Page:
International Student Blog
International Student Loan

Understanding the I-20 Form and International Student Loans

Understanding the I-20 Form and International Student Loans

International Student Loan

The I-20 form, issued by the United States Government, is an important document and step an international student must complete before they are allowed to enter the United States in order to study abroad. An international student will receive the I-20 form usually from a school official. The I-20 form serves many purposes, but its main one is to certify that an international student has been admitted into a full-time study program and that they have the funds to study for one full year. That means that they have shown and proven that they have the financial resources to stay and study in the United States. The I-20 form is one of the many important aspects to understand in terms of the general international student loan basics.

What Purpose Does The Form Serve?

The I-20 form serves many purposes. Some of these include:

  • Pay the I-90I SEVIS fee, which is the Student and Exchange Visitor Information System fee,
  • Apply for a nonimmigrant visa,
  • Enter the United States,
  • Apply for benefits,
  • If you are already in the U.S. as another type of non-immigrant and you are applying to change your status to F or M.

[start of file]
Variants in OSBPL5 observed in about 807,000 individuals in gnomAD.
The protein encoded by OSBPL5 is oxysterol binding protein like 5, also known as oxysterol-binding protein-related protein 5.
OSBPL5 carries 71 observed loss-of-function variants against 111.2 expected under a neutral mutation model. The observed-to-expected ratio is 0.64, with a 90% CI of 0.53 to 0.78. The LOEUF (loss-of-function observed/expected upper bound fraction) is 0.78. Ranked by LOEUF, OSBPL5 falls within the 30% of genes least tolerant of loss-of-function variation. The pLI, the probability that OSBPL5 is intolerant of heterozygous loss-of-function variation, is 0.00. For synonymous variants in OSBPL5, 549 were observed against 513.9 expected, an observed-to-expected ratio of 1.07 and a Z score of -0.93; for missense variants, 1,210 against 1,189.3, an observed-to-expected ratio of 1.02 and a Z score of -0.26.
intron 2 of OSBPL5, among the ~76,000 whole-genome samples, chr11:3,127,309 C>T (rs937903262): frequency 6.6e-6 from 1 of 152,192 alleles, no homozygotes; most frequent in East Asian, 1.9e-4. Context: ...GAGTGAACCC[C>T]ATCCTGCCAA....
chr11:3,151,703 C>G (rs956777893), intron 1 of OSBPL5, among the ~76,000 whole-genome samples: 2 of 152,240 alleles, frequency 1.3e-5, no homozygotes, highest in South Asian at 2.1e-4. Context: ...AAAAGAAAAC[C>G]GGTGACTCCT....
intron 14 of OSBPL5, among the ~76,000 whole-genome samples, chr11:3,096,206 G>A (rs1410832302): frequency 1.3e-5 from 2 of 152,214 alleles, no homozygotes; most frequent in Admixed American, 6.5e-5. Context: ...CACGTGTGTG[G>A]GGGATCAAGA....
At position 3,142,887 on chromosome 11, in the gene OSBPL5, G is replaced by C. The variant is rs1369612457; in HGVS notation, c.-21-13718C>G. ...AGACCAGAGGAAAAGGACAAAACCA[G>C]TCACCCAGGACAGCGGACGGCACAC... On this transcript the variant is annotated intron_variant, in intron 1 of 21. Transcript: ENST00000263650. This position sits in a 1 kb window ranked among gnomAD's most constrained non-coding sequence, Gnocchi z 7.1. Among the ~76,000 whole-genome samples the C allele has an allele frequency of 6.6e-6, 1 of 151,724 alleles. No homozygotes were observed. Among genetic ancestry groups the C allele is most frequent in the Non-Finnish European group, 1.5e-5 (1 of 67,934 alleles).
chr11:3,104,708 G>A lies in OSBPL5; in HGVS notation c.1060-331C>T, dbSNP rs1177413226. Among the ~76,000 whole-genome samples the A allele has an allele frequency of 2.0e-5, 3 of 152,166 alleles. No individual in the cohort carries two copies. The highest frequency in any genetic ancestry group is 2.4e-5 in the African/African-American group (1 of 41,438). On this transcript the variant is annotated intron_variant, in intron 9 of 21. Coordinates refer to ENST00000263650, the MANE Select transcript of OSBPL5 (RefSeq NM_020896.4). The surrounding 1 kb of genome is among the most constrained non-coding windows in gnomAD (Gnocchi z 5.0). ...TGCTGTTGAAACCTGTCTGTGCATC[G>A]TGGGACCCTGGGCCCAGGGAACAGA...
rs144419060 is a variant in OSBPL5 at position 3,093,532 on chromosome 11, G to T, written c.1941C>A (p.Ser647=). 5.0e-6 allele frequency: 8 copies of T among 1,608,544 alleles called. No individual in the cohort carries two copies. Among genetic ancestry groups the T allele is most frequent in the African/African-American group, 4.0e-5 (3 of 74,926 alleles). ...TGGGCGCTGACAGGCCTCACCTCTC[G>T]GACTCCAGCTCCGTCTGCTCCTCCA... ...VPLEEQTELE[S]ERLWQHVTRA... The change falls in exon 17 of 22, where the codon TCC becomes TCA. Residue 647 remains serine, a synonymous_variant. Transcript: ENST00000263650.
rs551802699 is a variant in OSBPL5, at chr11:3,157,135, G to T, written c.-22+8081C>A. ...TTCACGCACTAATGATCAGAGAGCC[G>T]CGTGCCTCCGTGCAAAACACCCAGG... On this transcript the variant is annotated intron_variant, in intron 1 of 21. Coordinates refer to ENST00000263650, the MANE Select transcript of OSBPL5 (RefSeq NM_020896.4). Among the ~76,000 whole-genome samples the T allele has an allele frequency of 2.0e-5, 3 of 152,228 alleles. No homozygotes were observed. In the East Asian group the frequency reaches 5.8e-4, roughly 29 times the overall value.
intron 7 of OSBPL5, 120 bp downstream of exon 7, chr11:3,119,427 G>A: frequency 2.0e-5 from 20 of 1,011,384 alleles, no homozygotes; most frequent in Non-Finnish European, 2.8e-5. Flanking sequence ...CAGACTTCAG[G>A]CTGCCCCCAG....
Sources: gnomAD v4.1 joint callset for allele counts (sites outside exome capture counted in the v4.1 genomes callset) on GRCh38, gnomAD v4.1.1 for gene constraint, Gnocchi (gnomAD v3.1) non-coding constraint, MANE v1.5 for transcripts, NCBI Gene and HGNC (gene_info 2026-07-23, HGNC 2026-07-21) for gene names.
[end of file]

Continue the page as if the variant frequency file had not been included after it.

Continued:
Something that you need in order to receive an I-20 form is proof of financial sources. However, you cannot simply provide anything as prove; there are specific sources that you need to provide. Some of the sources may include:

  • Scholarships,
  • Personal loans,
  • Education loans (also known as student loans),
  • Proof of family or personal income.

Please note that these are not exclusive sources. The above sources are provided as a general example to international students. There are more available, please do your own research in order to figure out the most applicable to you and your situation. However, while there are many sources that can prove financial stability, there are number that will not. These include:

  • Property value,
  • Business value,
  • Credit card statements,
  • Most financial documents older than six months.

Again, please remember that these are general guidelines. We suggest doing your own research to find out what is and what is not acceptable for an I-20 source. Many schools in the United States will have information on what they will accept for the I-20.

What Does The I-20 Have to Do With School?

In order for an international student to get F-1 visa status, their prospective school needs to collect the necessary financial aid identification information.In turn, that information is submitted into SEVIS, which processes the information and makes it into a part of the I-20 form. The school’s Designated School Official (DSO) then provides the form to the student. Once the international student has the I-20 form, they can then apply for the F-1 visa at the United States Embassy or Consulate in their home country.

Below is a simple flow chart to help illustrate the process above with the different options that may be available to you through your school and/or lender. Please remember to check with your school and lender for the conditions that will relate specifically to your situation.